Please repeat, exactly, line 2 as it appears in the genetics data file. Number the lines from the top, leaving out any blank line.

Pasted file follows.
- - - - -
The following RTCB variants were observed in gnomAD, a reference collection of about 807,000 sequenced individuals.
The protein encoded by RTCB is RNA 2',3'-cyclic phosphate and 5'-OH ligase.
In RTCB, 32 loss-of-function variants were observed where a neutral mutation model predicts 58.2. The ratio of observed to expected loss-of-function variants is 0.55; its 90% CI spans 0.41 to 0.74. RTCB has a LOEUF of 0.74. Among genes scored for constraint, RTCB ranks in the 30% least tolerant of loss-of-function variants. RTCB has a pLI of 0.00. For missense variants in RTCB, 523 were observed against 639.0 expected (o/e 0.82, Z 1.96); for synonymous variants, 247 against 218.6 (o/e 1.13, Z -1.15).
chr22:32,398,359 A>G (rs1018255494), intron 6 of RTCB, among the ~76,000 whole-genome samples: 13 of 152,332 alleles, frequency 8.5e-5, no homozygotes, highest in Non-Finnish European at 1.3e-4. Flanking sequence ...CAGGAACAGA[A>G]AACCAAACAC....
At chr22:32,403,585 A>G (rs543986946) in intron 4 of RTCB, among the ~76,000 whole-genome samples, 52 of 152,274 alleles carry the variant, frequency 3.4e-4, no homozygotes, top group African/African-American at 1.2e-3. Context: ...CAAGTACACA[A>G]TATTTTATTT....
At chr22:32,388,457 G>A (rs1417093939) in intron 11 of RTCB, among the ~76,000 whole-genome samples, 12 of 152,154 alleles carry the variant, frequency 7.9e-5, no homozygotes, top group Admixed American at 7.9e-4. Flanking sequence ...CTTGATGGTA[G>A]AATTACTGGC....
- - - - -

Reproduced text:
The protein encoded by RTCB is RNA 2',3'-cyclic phosphate and 5'-OH ligase.